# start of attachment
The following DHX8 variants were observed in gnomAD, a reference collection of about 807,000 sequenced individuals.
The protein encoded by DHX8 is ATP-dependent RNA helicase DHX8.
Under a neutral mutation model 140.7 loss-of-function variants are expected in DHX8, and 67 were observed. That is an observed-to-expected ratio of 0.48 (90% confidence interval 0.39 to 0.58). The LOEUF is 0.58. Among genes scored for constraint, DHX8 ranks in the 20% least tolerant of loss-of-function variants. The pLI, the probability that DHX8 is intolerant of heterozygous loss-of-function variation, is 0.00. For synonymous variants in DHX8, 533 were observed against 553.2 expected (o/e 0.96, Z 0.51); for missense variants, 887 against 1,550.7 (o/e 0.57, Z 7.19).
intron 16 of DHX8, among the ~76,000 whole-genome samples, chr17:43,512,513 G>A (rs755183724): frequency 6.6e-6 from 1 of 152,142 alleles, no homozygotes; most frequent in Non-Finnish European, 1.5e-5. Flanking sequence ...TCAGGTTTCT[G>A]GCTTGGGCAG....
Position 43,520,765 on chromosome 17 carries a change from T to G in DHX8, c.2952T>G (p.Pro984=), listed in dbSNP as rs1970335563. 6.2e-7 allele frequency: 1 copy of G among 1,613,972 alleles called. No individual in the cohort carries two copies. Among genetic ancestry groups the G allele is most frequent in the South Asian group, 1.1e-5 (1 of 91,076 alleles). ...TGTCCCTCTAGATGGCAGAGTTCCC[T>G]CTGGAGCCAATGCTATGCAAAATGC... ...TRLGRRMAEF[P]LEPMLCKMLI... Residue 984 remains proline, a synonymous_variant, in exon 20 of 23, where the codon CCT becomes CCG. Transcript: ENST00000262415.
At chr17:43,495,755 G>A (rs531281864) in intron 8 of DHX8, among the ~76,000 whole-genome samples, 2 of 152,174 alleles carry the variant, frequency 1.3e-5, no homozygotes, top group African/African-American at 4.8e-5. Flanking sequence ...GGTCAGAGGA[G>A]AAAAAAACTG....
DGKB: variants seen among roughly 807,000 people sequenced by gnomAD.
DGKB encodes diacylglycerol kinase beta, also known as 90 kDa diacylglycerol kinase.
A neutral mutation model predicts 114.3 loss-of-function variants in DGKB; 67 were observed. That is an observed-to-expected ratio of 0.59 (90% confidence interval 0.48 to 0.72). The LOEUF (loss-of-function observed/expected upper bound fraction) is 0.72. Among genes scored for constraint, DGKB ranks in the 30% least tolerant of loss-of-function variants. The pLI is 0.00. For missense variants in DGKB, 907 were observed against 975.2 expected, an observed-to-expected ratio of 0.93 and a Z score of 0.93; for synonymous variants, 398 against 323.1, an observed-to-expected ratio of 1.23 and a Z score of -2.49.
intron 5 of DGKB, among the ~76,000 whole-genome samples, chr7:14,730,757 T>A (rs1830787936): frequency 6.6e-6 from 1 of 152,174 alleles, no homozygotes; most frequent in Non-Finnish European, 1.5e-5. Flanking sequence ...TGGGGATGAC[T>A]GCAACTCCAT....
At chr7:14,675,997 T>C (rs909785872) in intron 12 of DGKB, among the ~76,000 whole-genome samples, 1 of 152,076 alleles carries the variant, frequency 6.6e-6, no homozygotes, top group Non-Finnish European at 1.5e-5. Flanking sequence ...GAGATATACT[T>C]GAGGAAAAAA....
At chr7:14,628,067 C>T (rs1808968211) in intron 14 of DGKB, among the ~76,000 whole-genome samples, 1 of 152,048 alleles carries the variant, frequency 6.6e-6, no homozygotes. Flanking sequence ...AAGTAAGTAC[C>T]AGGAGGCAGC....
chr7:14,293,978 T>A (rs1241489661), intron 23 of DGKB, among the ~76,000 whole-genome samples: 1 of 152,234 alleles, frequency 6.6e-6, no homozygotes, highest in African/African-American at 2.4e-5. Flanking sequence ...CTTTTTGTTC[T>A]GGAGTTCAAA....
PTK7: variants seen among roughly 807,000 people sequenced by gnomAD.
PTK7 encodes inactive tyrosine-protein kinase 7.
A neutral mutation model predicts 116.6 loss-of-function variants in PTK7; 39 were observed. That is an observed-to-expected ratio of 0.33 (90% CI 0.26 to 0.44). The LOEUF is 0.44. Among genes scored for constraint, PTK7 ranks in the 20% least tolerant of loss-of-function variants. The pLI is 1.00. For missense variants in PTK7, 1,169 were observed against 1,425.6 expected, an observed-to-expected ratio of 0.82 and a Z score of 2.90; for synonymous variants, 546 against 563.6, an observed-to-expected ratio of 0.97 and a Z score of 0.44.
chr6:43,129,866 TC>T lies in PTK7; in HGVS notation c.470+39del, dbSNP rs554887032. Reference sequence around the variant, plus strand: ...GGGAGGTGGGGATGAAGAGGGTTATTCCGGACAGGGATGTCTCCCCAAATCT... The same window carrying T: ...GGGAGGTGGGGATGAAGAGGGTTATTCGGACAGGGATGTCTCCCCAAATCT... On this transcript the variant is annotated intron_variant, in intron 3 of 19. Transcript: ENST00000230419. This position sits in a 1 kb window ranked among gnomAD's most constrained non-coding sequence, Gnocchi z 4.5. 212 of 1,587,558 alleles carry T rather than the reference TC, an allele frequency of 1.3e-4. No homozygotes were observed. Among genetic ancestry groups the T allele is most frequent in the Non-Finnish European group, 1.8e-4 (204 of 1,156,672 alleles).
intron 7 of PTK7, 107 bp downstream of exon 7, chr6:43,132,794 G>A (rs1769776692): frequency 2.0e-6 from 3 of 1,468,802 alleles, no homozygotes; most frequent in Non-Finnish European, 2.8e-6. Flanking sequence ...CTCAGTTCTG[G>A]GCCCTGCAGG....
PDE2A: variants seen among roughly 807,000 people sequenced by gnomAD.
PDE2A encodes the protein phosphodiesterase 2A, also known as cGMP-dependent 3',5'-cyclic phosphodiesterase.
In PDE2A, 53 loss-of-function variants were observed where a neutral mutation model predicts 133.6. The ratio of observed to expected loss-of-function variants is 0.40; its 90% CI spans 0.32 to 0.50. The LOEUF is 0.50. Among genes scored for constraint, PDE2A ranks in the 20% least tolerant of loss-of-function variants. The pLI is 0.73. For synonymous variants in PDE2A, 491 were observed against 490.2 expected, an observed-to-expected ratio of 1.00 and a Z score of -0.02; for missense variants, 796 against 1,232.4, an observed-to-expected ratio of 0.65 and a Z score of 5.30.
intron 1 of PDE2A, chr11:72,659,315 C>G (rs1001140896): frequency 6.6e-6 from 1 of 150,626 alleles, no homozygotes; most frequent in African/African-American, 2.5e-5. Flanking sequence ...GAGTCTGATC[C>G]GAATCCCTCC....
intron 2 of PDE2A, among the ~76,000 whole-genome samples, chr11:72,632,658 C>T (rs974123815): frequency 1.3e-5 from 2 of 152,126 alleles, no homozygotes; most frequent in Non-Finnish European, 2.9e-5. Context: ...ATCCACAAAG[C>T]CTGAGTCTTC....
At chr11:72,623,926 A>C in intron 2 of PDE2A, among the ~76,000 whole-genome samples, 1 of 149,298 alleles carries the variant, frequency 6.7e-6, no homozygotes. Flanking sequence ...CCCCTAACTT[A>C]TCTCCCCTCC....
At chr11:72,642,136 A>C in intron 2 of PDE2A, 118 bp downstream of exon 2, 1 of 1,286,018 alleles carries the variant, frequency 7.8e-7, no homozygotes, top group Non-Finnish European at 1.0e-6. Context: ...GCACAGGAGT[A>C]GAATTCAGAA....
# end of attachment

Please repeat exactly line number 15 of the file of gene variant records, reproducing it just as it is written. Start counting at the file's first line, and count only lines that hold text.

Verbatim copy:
PTK7 encodes inactive tyrosine-protein kinase 7.